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  #1  
Old 11-06-2009, 05:55 PM
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Youtube find demonstrating analog satellite tv in the 80s

All credit goes to the producers and the uploader. BTW he has a bunch of other very interesting clips as well.

Link: http://www.youtube.com/watch?v=M1muUQtTZC0
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Old 11-06-2009, 08:46 PM
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Yea there was mainly only C-BAND in the 80s.....

BIGGER DISHES but better quality of a signal (Almost no drop outs)
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Old 11-07-2009, 02:12 AM
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Somewhere around here I have a copy of the Cassius Clay/Sonny Liston fight in Miami on Feb. 25, 1964. It is a copy of the fight as received at the Goonhilly Downs receiver in Wales, England. I am not sure how my copy started it's life. 525 was sent to Goonhilly and downconverted there for the Brits. I have no idea where my copy started it's life but is 525.

It starts before the actual broadcast with a slide of the Goonhilly Downs horn...about the size of a house. Then it moves to a 1 minute countdown clock for the local viewing theatres to time their start of the program in their theatre.

The program starts with the American announcers setting the scene with all the noise in the background.

A few minutes in to the program, the signal slowly fades to snow and when it recovers, the audio is only the crowd noise. This looks like a transponder change. This makes sense as the Brits would add their own announcers for the main event.

I am mystifed at this part. Geosyncronous Syncom 2 was in orbit but had low quality video and no audio. Geosyncronous RCA Relay 2 was in orbit and had two transponders but NASA describes one of the transponders as being for PCM telemetry. I'm not sure how it got there but it did!
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Old 11-08-2009, 04:07 PM
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We had a satellite dish by that time. It wasn't as simple as this guy's setup: you powered up a cipher box, tuned in the dish with your rotor control (an LED readout told you what position the dish was at) and then tuned into the station on that particular satellite with a 3rd unit. Fine tuning controls would help get rid of static. You could spend five minutes dialing in your favorite station.

As Dude111 pointed out, the picture was much better, with no pixelation, and we never had any dropouts. We did have freezing rain and ice jam up our dish rotor for a day, though.

When we got Directv, we were very disappointed at the poor picture, which looked flat and pixelated. We also weren't too pleased at the loss of picture during even mild weather.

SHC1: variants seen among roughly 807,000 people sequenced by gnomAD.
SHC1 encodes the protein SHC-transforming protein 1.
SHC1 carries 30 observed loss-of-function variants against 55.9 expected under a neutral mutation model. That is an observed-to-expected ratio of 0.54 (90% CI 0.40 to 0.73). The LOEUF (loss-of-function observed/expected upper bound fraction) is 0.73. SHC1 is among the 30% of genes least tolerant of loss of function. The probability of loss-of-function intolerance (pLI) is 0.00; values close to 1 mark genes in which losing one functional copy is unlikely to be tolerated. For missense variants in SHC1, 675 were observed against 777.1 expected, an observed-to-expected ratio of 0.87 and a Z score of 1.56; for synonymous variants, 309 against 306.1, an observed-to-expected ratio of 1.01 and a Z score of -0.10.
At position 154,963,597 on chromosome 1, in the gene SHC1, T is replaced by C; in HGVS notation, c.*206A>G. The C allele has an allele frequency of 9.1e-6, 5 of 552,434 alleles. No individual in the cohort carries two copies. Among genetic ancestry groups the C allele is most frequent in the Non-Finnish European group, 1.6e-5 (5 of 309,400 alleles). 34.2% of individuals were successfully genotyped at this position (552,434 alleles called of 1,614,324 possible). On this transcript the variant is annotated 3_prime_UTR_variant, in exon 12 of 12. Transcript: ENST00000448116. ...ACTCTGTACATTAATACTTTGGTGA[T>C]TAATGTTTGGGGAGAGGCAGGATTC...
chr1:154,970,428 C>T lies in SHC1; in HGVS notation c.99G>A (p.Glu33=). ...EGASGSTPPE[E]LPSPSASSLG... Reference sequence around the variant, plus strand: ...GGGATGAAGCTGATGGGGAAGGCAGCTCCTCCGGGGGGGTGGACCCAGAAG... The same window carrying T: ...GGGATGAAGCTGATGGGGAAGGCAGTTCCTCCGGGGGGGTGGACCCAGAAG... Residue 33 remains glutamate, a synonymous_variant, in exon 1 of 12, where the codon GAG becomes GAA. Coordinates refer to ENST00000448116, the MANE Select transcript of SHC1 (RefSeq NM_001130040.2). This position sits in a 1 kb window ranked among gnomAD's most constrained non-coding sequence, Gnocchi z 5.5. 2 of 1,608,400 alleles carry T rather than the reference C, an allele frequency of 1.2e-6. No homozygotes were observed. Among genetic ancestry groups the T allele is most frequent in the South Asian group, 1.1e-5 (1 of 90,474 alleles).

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Old 11-08-2009, 09:11 PM
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Nothing beat big-dish C-Band or Ku-Band analog transmissions quality wise. I had two big-dish systems at my home from 1989 until I moved a couple of years ago. (the dishes are still there, I still have the property but it's rented out). I recorded a lot of excellent good-quality network feeds and saw a lot of interesting stuff.

I enjoyed manually dialing in each satellite and peaking the dish and receiver for best reception. I always did this before recording some important program.

Today's small-dish digital pictures look pasty and flat compared to the old systems. Not to metion the pixelation problem that was mentioned earlier. I may bring one of the old dishes and set it up here where I live now. I miss those old systems.

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Old 11-09-2009, 12:13 AM
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Hi guys..... Not to sound totally assinine but what analog satprograms are still 'out there'? If I set up a C or Ku satellite and receiverbox what would I get? Very interested in trying this if possible.
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Old 11-09-2009, 09:18 AM
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"Had"? I still use a C-band system and dish daily. Same Winegard Pinnacle 10' dish I put up in 1987. Nowadays though there is almost nothing free or analog. PBS still has a clear analog feed on W4-16, and C-Span has two analog feeds. Everything else I receive now is digital and requires a Motorola 4DTV receiver, and I subscribe through National Programming Service "NPS" one of the only C-band providers left. My days are numbered though, I don't have the digital "side car" unit to get what HD programming there is available and eventually there will be so few C-band subscribers there won't be enough business incentive left to keep it going. Also the cost difference for programming has narrowed since they now insist on bundled programming. In the old days (after General Instrument finally secured the Videocipher from the pirates) programming was mostly ala carte and a hell of a lot cheaper than cable.